Federal law recognizes that banks should have enough safeguards to keep thieves and not-so-good Samaritans from compromising bank cards. Banks must replace stolen funds, even if a real pro hypnotized you and managed to get you to give up your card and reveal your PIN. You just have to make sure you notify the bank on time, and you may have to allow some time for the bank to refund stolen money.
If you let your bank know your card was stolen before anyone unauthorized had a chance to use it, you're completely off the hook. Even if it takes you up to two business days to report the theft, you're only liable for $50. If you wait until 60 days after your statement containing evidence of theft is mailed to you, your liability goes up to $500. Let it go past that, and you lose everything. Report a stolen card, or even a misplaced one, the moment you realize it is gone.
Reporting a loss or theft does not stop charges from appearing. It only stops your liability. Money can continue to disappear from your account, and you still need to read your statements and let the bank know which charges are not yours. If you reported the lost card, your liability is limited according to the rules above. Use the bank's regular error reporting procedures if your account information or the bank website does not list a special procedure for reporting transactions on a stolen or lost card.
Your bank does not have to return your money as soon as you report a suspicious transaction. It can take up to 10 days to reimburse money while it investigates fraudulent ATM or online use, and up to 20 days if the fraudulent transaction took place at a location such as a store or restaurant. In the meantime, your checks will not be covered unless you add enough funds to cover them. However, the moment you tell the bank your card is lost or stolen, the bank will block it. No further transactions will be processed once the card is blocked.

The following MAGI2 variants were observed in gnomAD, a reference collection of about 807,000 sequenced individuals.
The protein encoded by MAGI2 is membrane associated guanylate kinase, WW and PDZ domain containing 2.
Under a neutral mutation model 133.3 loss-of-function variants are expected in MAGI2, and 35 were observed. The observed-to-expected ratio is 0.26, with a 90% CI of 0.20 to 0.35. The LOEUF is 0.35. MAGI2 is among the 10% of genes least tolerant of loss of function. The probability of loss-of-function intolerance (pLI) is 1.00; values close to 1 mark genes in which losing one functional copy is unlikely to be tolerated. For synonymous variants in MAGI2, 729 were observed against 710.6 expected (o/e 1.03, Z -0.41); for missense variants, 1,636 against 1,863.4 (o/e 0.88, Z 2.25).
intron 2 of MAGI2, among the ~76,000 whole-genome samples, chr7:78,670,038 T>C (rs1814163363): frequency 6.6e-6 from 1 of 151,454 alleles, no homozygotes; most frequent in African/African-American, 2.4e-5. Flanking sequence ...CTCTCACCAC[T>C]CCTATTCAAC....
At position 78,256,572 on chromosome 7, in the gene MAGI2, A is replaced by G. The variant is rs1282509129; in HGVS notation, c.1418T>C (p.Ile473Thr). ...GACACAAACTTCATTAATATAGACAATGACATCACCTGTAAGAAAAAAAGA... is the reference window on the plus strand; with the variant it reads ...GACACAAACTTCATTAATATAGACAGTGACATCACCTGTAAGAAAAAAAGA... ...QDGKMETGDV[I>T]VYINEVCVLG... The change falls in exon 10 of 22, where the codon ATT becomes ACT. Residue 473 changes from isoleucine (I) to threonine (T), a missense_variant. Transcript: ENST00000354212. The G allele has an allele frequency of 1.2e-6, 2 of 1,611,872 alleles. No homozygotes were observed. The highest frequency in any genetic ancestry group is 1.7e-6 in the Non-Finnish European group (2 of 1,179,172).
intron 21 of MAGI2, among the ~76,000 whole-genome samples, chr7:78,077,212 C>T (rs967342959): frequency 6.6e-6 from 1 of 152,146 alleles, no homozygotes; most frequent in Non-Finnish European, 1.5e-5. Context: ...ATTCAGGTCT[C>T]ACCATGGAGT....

Be careful where you use your debit card. Use your credit card or cash if you're dealing with bars and restaurants, especially if you are traveling abroad. Don't authorize any but the most reliable merchants to charge your debit card on a regular basis. Use only ATMs that are clearly marked with the names of reputable banks or that are located in shops that you know and trust. Be even more careful with ATMs abroad, and find out from locals which banks are reliable if you don't see ATMs from banks whose names you recognize.
- Thinkstock Images/Comstock/Getty Images
- How to Delete an Account From a Credit Bureau
- Who Pays Bride Expenses at Bachelorette Parties?
- Can You Transfer a Car Loan to Someone?
- Do Debts Taken Off a Credit Report Still Affect Credit?
- How to Pay into Escrow
- Does Being a Co-signer on Someone's Loan Prevent You From Getting One?
- Consolidate Vs. Rehabilitate
- Can a Judge Make Me Pay a Credit Card Debt?
- Does Pre-Collection Affect Your Credit?
- Can You Build Credit Even If You Completely Pay Off Your Credit Card Every Month?